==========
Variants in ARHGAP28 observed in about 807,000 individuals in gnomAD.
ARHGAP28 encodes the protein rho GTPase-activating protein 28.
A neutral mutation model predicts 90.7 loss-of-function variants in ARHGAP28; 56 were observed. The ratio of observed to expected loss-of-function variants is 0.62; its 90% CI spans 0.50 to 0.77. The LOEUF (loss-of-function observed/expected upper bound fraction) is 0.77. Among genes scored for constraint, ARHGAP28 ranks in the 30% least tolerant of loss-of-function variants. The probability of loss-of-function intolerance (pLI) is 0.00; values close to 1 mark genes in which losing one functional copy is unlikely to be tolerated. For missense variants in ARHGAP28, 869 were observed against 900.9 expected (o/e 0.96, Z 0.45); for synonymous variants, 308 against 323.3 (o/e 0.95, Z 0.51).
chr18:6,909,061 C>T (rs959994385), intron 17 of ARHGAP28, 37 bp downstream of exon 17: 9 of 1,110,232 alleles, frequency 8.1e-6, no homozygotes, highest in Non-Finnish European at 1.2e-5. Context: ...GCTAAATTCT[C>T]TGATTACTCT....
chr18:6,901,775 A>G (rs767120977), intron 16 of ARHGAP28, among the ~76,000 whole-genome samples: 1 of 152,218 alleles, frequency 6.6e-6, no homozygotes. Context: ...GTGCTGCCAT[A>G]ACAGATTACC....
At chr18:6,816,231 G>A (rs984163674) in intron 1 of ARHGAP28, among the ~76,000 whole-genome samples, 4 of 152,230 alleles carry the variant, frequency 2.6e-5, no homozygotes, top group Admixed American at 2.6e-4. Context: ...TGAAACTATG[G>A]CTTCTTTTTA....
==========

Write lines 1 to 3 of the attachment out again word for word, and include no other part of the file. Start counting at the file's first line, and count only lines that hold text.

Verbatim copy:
Variants in ARHGAP28 observed in about 807,000 individuals in gnomAD.
ARHGAP28 encodes the protein rho GTPase-activating protein 28.
A neutral mutation model predicts 90.7 loss-of-function variants in ARHGAP28; 56 were observed. The ratio of observed to expected loss-of-function variants is 0.62; its 90% CI spans 0.50 to 0.77. The LOEUF (loss-of-function observed/expected upper bound fraction) is 0.77. Among genes scored for constraint, ARHGAP28 ranks in the 30% least tolerant of loss-of-function variants. The probability of loss-of-function intolerance (pLI) is 0.00; values close to 1 mark genes in which losing one functional copy is unlikely to be tolerated. For missense variants in ARHGAP28, 869 were observed against 900.9 expected (o/e 0.96, Z 0.45); for synonymous variants, 308 against 323.3 (o/e 0.95, Z 0.51).